This is astrophysicist Neil deGrasse Tyson’s ever-growing network of shows. While there’s often an astronomical focus, these are definitely general science shows, and they tend to be a nice mix of informative and fun. The format always involves a mix of scientists and comedians, which might sound odd, but it really works – it keeps you laughing and learning. The comedians play the role of the everyman perfectly, asking all the “dumb” (no such thing) questions you’re probably shouting at your phone as you listen. Details at www.startalkradio.net.

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Thanks Tim

Filed Under Computers & Tech, My Projects on May 18, 2013 | 5 Comments

Tim VerpoortenThis is not going to be an easy post to write, and I really hope I do it justice.

The Apple/Mac community lost one of it’s finest podcasters today. Tim Verpoorten wasn’t the first Apple/Mac podcaster, but he was one of the very earliest generation. I think it would be fair to call him a father figure to many of us who followed. I know he was one of the podcasters who inspired me to pick up the microphone myself, and I doubt I’m alone in that.

Tim had been unwell for some time, and hung up his microphone to concentrate on his health a while ago, but we all hoped it would just be a temporary hiatus. I don’t think any of us in the community wanted to believe we’d heard the last of Tim’s distinctive and friendly voice.

Every good Apple/Mac podcast brings something unique to the table, and Tim’s Mac Review Cast brought fantastic reviews week after week after week for years and years. Tim had a knack for finding great apps, particularly free ones, and he was able to find and review them at a truly impressive rate. Most people can mange either quantity or quality, but Tim could do both at the same time. Although he reviewed many many apps, you could always tell when an app really appealed to him. Those apps were almost never large apps with lots of features, but small apps that did just one thing, but did it really well. It’s fair to say Tim had a bit of a thing for menubar apps.

Because I learned about so many great apps on the Mac Review Cast, I regularly look up at my menu bar, or into my dock, and think of Tim. One app in particular that I’ll always associate with him is the light-weight Mac-like text editor Smultron. I’d almost given up on finding an editor like this for the Mac, when I heard Tim review Smultron, and gave it a go. It was love at first sight, and that cute red strawberry icon will always bring back fond memories of Tim.

Tim was one of the founders of the Mac Round Table Podcast (MRT), and it was through that podcast that I was fortunate enough to get to ‘work’ (play more like) with Tim. One of the great things about the MRT is how different all the contributors are, and how that opens up some great conversations. We often agreed on things, but when it comes to temperament, I think myself and Tim were polar opposites – I’m know for being the cranky Irishman (sorta) who’s prone to impassioned (and hopefully entertaining) rants, while Tim was always as cool as a cucumber – I can’t remember him ever getting flapped, and I can’t remember him ever having a bad word to say about anyone. I think it’s much easier to go on a rant than it is to remain calm and collected, and I greatly admired Tim’s coolness.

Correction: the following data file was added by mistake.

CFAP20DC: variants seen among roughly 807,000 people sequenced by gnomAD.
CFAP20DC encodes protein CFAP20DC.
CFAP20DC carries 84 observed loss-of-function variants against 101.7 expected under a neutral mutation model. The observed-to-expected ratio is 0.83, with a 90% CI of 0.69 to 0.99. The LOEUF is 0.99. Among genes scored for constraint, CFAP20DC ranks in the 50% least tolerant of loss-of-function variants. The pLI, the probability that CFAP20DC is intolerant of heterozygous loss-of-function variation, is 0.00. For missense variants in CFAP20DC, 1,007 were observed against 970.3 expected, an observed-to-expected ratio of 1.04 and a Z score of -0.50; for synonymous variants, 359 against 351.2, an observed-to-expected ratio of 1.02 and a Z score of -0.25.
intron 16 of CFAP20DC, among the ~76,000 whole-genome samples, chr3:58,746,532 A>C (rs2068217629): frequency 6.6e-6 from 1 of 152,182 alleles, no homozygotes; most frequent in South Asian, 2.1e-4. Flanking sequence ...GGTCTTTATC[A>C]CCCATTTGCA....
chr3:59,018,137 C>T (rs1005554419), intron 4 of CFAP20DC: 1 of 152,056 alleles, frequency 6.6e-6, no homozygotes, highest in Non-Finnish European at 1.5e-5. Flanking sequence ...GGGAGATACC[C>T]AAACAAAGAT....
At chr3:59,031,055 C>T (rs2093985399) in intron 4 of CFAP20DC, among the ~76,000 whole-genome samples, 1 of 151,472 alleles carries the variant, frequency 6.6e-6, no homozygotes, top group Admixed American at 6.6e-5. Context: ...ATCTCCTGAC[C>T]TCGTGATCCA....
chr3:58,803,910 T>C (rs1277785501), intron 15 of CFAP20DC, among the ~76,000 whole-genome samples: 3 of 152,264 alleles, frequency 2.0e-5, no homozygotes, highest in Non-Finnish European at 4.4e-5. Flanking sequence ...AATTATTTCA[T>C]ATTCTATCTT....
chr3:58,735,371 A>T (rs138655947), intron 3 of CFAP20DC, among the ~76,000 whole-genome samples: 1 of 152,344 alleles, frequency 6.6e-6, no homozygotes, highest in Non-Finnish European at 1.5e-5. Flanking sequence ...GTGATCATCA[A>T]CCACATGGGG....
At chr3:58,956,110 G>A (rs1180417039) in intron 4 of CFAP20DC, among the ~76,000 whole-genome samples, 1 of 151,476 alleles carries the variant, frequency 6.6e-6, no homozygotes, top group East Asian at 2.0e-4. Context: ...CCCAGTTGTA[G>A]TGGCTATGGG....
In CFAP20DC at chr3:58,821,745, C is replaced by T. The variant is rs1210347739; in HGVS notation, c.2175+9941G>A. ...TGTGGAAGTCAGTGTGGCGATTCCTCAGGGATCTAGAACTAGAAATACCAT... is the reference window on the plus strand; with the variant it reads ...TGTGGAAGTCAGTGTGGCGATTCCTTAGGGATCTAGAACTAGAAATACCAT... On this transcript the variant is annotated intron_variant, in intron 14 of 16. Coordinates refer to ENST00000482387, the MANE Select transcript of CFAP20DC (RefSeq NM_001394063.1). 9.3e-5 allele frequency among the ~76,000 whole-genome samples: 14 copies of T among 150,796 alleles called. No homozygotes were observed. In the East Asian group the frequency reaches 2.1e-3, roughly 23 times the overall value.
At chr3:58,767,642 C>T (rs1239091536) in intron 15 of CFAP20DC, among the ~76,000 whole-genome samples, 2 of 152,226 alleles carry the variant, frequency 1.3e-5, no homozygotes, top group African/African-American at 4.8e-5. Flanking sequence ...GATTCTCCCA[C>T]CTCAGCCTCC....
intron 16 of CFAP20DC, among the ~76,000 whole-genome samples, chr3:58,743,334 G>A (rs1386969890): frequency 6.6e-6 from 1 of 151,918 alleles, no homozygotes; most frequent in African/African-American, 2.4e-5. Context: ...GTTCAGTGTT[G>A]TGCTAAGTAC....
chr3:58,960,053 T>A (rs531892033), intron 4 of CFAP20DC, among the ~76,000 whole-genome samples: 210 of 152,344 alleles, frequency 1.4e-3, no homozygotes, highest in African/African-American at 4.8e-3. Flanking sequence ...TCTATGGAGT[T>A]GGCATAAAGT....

I never met Tim in the real world, yet I feel I’ve lost a friend. The Mac community has certainly lost one of it’s finest ambassadors, but my thoughts are with the Verpoorten family tonight – their loss is so much greater than ours.

The photo that accompanies this post is a crop from this image by Allison Sheridan.

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It’s funny how one thing will often lead to another. It’s not long since I joined the production team of the International Mac Podcast, and now I’ve been invited to join the pool of panellists for the Mac Round Table Podcast. The MRT is a very interesting idea. They have a large pool of Mac Podcasters and each week they host a round-table discussion with three to five members from this pool on some Mac related topic. Because it’s a big pool there’s a great variety of voices on the show and no two weeks are the same. If you’re tying to figure out which Mac podcasts to subscribe to, the MRT is a great place to start since you get to hear lots of Mac podcasters in one place. I’m exceptionally honoured to have been invited into the pool. I recorded my first show last night with Don McAllister, Joseph Nilo, Chuck Joiner & Dave Hamilton, so keep an eye out for it on the RSS feed.